Drawbacks of New Urbanism

prospect town

Prospect New Town, Colorado, accessed 10/15/2013 wikipedia.org

New Urbanism is a popular idea in planning communities. Most anyone involved in planning has heard of New Urbanism and has an idea what that means, but for those that are unfamiliar with the idea New Urbanism can be generally thought of as a design approach that promotes walkability, traffic elimination, “green “ building, and fosters community. It is most certainly a novel idea. What could be bad about the root ideals of New Urbanism?

New Urbanism has done well in a few key ways. First it has been an effective critique of some failings of city planning, such as automobile centered design. New Urbanists promote community design that reduces wide roads, and expansive parking lots, with the intention of advocating human powered transportation. It is a brick and mortar, tangible community that people can see and feel. New Urbanism has also provided an example of what to do and not to do for planners and communities that want to promote change in their area; but the effects of those changes are generally limited to specific neighborhoods and communities.

Some major critiques of New Urbanism are that its effective area is confined to the neighborhood boundaries, it may be used as a marketing scheme by developers, and it is hard to implement in existing neighborhoods. In a New Urbanism neighborhood, the residents can utilize the pedestrian friendly streets and close amenities; but the benefits of the neighborhood are limited to the residents.  The appeal of New Urbanist communities is also one of its failings. With people becoming more interested in sustainability, and green living, the ideas of New Urbanism have been used by developers to promote their planned communities. The problem with the marketing of New Urbanist ideas without the proper implementation is best explained by Peter Katz “The commercial success of projects designed according to these principles has resulted in superficial emulations for marketing purposes… As a result, the public can now buy conventional suburbia styled as “villages” or “neighborhoods” which the press proclaims are representative of the new movement. This inability to discriminate between the New Urbanism and its hollow imitations will, over time, result in the conclusion that its promised social, economic, and environmental benefits have been false. The movement may then be seen as just another fad. Also It is intrinsically difficult to implement new Urbanism ideas in pre-existing neighborhoods because it requires extensive infrastructure change. A perfect example of the successes and failures of New Urbanism is the Civano neighborhood on the outskirts of Tucson, Arizona.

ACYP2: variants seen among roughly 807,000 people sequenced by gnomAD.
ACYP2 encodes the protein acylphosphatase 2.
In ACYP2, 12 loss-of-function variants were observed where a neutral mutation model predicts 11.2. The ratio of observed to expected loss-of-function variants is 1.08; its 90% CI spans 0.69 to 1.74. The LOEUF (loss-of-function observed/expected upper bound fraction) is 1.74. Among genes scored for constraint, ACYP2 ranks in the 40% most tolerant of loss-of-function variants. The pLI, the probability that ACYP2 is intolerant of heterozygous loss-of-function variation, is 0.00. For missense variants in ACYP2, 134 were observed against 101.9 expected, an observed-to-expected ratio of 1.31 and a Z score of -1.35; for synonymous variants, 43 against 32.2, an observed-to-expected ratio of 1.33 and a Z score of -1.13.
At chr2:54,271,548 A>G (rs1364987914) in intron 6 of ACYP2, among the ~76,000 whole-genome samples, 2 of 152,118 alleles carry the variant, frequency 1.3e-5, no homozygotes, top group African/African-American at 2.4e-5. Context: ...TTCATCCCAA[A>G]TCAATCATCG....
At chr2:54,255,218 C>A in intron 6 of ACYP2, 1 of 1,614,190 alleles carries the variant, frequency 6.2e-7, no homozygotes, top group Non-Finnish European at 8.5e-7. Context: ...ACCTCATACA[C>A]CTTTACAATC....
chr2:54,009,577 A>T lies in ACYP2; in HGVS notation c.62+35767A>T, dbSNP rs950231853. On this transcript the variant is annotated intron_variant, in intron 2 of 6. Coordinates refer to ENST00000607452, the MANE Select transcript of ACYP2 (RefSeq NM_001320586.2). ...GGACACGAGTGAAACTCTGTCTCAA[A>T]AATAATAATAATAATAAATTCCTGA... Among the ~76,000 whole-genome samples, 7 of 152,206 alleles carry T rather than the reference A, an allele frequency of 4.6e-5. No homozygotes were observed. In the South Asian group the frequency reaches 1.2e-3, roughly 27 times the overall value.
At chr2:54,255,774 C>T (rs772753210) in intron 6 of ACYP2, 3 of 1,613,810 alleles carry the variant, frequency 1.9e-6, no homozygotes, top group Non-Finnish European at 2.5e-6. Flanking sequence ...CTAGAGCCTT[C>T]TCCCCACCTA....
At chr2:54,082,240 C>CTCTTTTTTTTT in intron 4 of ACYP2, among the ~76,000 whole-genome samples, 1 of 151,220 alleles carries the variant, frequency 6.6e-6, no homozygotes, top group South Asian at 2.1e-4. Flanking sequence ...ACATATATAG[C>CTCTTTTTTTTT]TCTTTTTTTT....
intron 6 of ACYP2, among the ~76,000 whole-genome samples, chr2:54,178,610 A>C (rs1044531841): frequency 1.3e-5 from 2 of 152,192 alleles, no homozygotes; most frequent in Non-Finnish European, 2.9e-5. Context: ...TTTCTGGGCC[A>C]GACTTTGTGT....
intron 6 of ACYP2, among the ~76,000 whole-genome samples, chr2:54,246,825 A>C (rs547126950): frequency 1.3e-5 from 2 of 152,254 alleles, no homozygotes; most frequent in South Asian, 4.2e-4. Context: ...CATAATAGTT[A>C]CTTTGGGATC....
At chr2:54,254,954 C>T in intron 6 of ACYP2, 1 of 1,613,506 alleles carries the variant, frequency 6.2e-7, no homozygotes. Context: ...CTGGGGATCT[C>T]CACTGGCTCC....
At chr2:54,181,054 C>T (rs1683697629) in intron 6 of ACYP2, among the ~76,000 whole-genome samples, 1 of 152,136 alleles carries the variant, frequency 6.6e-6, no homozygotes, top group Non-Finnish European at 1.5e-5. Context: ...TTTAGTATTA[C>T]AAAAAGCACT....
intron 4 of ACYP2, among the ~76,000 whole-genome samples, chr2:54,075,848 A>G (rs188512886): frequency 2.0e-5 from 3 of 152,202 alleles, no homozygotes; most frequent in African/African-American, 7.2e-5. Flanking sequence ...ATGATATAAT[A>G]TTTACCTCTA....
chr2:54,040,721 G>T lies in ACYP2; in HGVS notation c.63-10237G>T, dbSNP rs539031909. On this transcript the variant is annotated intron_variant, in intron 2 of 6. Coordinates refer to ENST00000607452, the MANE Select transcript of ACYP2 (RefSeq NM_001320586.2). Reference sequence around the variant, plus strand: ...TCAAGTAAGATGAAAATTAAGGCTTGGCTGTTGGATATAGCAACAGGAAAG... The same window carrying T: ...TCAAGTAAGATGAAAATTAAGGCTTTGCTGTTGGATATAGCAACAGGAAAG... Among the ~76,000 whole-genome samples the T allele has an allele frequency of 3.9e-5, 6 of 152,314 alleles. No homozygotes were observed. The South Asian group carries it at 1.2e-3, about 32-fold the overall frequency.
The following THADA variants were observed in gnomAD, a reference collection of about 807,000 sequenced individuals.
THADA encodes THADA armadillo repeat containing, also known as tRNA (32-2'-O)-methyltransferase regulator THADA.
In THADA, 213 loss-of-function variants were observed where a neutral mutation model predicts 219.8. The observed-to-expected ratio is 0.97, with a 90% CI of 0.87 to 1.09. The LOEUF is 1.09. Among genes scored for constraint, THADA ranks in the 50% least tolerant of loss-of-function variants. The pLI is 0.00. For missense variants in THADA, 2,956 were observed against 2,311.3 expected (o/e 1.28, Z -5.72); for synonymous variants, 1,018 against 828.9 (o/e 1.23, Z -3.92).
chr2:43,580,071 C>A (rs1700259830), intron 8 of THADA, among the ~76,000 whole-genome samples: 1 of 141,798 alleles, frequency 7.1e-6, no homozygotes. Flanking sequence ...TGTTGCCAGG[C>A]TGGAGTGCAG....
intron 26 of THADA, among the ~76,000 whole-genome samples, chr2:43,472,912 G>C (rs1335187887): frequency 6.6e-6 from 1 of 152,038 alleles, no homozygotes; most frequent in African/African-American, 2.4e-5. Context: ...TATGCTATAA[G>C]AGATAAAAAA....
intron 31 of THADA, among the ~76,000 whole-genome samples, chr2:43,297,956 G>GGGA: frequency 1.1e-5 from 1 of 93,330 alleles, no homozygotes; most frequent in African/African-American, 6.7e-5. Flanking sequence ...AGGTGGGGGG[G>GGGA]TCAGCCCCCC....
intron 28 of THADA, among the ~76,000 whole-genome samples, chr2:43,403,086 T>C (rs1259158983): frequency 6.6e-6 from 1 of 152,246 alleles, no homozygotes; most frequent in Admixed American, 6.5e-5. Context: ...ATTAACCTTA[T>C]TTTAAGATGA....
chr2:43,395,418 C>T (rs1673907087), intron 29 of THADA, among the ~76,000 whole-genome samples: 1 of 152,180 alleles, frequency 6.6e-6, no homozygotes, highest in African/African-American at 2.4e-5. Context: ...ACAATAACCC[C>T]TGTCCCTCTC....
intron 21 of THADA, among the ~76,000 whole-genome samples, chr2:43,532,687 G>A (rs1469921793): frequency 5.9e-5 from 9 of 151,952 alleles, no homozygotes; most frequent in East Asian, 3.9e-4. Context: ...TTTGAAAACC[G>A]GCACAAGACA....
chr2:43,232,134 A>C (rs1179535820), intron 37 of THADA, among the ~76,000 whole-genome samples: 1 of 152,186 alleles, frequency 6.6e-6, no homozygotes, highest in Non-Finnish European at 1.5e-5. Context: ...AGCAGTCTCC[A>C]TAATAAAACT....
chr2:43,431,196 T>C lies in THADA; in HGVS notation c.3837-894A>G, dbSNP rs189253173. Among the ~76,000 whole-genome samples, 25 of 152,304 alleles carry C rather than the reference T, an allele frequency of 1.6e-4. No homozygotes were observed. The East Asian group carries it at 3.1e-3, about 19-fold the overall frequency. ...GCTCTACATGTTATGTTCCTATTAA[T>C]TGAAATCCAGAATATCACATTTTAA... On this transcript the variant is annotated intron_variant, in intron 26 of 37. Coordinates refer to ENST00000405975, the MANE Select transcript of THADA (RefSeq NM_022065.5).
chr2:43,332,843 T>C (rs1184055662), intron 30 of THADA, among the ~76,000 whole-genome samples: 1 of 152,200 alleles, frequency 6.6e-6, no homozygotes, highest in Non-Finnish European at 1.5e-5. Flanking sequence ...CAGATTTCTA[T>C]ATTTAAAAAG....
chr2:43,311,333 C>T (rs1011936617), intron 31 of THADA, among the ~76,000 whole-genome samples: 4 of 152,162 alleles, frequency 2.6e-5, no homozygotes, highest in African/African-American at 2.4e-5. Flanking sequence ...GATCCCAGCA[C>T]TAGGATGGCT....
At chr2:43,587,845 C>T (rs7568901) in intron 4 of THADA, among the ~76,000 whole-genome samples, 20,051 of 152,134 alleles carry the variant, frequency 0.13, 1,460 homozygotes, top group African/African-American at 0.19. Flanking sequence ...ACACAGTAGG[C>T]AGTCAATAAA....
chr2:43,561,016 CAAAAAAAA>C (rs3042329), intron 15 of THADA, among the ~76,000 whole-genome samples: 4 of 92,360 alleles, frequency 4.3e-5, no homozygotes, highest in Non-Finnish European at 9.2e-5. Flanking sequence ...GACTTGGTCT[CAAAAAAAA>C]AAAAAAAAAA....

map

Civano to the U of A, accessed 10/21/2013, maps.google.com

The planners at Civano made a concentrated effort to use sustainable building materials such as straw bails, and RASTRA blocks. The planners at Civano also incorporated solar power, and a community nursery. They designed the neighborhood with a community center where the residents have open space to interact and hold events. The narrow, walkable street design in Civano is also in line with New Urbanist planning. The main issue with Civano, is its location. The neighborhood is approximately 17 miles from the University of Arizona, which represents the beginning of Tucson’s urban core. For the residents of Civano to interact with anyone that isn’t a member of the community , they have to drive further than most other sprawl communities. The distance from large retailers and grocers also presents a problem. The shear distance Civano residents must travel to do the majority of their shopping undermines the ideals of the community.

Saguaro_Sunset

Tucson sunset, accessed 10/21/2013, wikipedia.org

Civano is a successful microcosm, but it exemplifies the deficiencies of New Urbanism in that Civano hasn’t improved the Tucson Community as a whole. New Urbanism will continue to have a limited large scale effect, unless communities as a whole embrace the pillars of New Urbanist thinking, and work on implementing the ideas on a regional basis.